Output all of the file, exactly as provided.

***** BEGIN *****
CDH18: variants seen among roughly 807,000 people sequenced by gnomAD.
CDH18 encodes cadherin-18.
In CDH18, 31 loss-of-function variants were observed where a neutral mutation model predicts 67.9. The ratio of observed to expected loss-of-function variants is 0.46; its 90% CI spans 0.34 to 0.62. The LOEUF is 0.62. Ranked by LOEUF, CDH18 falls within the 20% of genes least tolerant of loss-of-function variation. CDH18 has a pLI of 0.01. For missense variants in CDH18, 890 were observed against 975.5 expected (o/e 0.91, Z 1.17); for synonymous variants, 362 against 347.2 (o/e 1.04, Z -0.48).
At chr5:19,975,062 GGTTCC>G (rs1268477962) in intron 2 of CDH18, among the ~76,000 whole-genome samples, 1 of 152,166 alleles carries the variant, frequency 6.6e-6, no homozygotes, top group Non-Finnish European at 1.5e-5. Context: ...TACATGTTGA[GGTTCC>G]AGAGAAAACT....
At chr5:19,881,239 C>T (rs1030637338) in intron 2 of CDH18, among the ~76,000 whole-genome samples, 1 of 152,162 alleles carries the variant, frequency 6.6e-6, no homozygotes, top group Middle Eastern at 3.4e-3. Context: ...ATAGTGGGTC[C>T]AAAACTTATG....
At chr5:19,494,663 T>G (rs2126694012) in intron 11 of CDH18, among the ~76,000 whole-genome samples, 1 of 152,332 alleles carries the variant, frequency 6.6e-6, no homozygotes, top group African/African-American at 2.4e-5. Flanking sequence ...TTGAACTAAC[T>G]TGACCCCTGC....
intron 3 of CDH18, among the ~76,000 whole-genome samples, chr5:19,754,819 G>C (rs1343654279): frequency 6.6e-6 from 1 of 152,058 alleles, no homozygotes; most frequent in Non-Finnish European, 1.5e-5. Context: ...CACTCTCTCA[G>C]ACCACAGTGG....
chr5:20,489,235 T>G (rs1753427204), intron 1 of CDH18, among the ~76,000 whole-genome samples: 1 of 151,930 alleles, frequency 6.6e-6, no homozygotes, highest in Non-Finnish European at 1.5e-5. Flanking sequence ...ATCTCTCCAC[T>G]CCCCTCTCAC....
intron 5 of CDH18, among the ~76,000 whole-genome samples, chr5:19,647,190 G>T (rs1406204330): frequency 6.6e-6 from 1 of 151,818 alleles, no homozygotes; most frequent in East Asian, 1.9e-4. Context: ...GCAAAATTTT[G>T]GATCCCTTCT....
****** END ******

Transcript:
CDH18: variants seen among roughly 807,000 people sequenced by gnomAD.
CDH18 encodes cadherin-18.
In CDH18, 31 loss-of-function variants were observed where a neutral mutation model predicts 67.9. The ratio of observed to expected loss-of-function variants is 0.46; its 90% CI spans 0.34 to 0.62. The LOEUF is 0.62. Ranked by LOEUF, CDH18 falls within the 20% of genes least tolerant of loss-of-function variation. CDH18 has a pLI of 0.01. For missense variants in CDH18, 890 were observed against 975.5 expected (o/e 0.91, Z 1.17); for synonymous variants, 362 against 347.2 (o/e 1.04, Z -0.48).
At chr5:19,975,062 GGTTCC>G (rs1268477962) in intron 2 of CDH18, among the ~76,000 whole-genome samples, 1 of 152,166 alleles carries the variant, frequency 6.6e-6, no homozygotes, top group Non-Finnish European at 1.5e-5. Context: ...TACATGTTGA[GGTTCC>G]AGAGAAAACT....
At chr5:19,881,239 C>T (rs1030637338) in intron 2 of CDH18, among the ~76,000 whole-genome samples, 1 of 152,162 alleles carries the variant, frequency 6.6e-6, no homozygotes, top group Middle Eastern at 3.4e-3. Context: ...ATAGTGGGTC[C>T]AAAACTTATG....
At chr5:19,494,663 T>G (rs2126694012) in intron 11 of CDH18, among the ~76,000 whole-genome samples, 1 of 152,332 alleles carries the variant, frequency 6.6e-6, no homozygotes, top group African/African-American at 2.4e-5. Flanking sequence ...TTGAACTAAC[T>G]TGACCCCTGC....
intron 3 of CDH18, among the ~76,000 whole-genome samples, chr5:19,754,819 G>C (rs1343654279): frequency 6.6e-6 from 1 of 152,058 alleles, no homozygotes; most frequent in Non-Finnish European, 1.5e-5. Context: ...CACTCTCTCA[G>C]ACCACAGTGG....
chr5:20,489,235 T>G (rs1753427204), intron 1 of CDH18, among the ~76,000 whole-genome samples: 1 of 151,930 alleles, frequency 6.6e-6, no homozygotes, highest in Non-Finnish European at 1.5e-5. Flanking sequence ...ATCTCTCCAC[T>G]CCCCTCTCAC....
intron 5 of CDH18, among the ~76,000 whole-genome samples, chr5:19,647,190 G>T (rs1406204330): frequency 6.6e-6 from 1 of 151,818 alleles, no homozygotes; most frequent in East Asian, 1.9e-4. Context: ...GCAAAATTTT[G>T]GATCCCTTCT....